"Cutaneous larva migrans basically means there is a larva, or the immature form of a hookworm, migrating around under the skin," Bobbi S. Pritt, parasitologist at the Mayo Clinic, tells BuzzFeed News. The microscopic larvae live in sand or soil that has been contaminated with dog or cat feces, says Pritt, and enter the foot by directly penetrating the skin. "The hookworm eggs come out of the stool and hatch in the sand or soil, where they live until an unsuspecting human walks on them barefoot," Pritt says.
This particular skin infection is caused by animal hookworms, as opposed to human hookworms. "Human hookworms are different; they will penetrate the skin but move to the blood and intestinal tract where they cause disease — those don't sit in the skin like the dog and cat ones do," she says.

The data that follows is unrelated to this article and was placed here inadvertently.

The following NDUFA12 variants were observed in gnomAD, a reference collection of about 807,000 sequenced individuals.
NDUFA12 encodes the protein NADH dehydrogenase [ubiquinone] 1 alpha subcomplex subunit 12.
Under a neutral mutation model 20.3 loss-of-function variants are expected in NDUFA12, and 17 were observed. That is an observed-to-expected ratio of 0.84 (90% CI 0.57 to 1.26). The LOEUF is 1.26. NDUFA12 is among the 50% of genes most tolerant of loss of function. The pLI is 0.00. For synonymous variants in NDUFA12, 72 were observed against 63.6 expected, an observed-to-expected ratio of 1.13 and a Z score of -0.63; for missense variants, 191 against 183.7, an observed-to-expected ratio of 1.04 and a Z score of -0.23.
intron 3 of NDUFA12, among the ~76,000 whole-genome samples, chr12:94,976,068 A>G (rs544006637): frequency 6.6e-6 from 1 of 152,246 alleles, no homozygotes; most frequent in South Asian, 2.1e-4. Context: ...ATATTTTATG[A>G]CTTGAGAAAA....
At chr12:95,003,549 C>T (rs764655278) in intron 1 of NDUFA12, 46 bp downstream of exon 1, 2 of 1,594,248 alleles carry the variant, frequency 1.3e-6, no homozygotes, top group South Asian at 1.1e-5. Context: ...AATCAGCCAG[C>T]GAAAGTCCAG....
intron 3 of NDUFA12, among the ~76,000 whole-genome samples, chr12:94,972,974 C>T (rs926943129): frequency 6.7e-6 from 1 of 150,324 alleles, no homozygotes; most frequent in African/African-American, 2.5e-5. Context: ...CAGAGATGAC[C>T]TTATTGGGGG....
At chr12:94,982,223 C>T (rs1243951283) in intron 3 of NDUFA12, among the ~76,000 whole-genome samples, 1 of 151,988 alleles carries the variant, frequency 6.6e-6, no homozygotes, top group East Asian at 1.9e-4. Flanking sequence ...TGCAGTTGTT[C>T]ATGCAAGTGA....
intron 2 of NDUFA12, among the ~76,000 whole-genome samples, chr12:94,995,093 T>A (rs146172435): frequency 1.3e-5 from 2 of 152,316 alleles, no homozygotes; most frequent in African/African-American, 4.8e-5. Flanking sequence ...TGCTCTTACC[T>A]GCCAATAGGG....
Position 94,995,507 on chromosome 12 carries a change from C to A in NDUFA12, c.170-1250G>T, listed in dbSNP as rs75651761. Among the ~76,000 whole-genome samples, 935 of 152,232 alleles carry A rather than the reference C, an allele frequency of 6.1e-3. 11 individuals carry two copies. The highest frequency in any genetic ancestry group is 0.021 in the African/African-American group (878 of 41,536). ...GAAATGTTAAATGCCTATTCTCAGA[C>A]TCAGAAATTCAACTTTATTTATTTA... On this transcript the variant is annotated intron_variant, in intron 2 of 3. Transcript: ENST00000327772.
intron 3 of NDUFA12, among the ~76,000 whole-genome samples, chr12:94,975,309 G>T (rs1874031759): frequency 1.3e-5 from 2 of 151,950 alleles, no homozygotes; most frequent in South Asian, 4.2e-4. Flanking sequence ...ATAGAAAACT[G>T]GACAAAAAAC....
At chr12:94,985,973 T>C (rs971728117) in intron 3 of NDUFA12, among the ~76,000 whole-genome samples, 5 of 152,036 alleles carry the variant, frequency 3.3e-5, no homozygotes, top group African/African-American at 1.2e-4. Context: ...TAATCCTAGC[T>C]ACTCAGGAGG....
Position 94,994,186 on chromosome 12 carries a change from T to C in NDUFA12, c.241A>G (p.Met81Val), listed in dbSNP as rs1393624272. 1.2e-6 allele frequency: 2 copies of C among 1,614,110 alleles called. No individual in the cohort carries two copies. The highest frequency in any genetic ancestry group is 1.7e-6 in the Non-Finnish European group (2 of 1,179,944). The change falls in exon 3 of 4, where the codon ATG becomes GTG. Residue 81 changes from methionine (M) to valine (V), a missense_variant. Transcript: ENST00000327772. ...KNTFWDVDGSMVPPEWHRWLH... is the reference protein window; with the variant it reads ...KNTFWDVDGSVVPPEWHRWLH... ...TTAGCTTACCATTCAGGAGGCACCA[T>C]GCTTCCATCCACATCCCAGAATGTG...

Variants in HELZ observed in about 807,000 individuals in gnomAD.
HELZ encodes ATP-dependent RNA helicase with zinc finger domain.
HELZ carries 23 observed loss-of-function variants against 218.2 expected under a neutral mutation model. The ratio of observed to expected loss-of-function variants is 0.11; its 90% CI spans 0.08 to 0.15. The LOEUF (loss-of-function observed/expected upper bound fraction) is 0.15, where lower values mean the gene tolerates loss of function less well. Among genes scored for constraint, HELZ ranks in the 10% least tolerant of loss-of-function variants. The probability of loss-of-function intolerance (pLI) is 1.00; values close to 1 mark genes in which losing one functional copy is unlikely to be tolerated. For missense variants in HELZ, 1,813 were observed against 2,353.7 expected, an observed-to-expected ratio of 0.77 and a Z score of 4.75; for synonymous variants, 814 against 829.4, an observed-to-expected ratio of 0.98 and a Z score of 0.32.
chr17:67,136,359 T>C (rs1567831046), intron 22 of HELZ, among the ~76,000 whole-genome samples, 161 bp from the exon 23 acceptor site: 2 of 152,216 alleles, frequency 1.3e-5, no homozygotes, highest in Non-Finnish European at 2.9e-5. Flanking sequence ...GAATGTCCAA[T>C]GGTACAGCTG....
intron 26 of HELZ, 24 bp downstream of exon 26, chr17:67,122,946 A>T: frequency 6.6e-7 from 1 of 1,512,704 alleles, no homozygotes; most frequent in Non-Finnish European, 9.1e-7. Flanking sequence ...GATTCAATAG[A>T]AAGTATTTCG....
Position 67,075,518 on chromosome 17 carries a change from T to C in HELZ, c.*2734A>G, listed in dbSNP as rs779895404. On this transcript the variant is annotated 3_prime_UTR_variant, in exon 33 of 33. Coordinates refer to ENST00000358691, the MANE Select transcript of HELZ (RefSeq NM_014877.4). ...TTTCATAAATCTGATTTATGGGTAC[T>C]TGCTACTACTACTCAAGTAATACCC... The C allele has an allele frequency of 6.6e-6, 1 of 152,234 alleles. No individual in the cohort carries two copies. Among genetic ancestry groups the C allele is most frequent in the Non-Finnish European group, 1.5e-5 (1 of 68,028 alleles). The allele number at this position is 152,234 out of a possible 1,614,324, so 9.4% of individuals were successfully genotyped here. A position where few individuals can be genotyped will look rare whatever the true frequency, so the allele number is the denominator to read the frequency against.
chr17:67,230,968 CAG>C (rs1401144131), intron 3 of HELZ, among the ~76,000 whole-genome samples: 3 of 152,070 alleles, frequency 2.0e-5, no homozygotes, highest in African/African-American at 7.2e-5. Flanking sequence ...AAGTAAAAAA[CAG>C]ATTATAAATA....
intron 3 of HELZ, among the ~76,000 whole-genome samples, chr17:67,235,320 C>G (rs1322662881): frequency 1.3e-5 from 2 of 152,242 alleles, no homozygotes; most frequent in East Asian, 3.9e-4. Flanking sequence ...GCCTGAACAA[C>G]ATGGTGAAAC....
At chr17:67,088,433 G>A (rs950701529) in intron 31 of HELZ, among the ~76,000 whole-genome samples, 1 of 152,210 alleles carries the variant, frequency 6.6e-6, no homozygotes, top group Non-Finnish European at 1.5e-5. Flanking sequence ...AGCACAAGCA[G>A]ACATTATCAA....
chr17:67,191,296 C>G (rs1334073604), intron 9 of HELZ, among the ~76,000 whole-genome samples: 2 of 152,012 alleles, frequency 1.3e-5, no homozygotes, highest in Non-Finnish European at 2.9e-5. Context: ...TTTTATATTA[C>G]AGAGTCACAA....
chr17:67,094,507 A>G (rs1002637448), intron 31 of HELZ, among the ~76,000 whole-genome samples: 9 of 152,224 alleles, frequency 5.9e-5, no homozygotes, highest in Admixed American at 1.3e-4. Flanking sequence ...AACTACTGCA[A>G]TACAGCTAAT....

The worms need a warm, moist environment to survive, so they love tropical areas. "You'll find hookworms in parts of the South in the US but they are endemic to many countries in the Caribbean, as well as Central and South America," Pritt says. The hookworms are common in beaches or rural areas where stray dogs are defecating, since the eggs come from infected feces. But even a glamorous beach resort can have hookworms, too. "Unless you know a beach doesn't allow dogs, you can't be sure," Pritt says.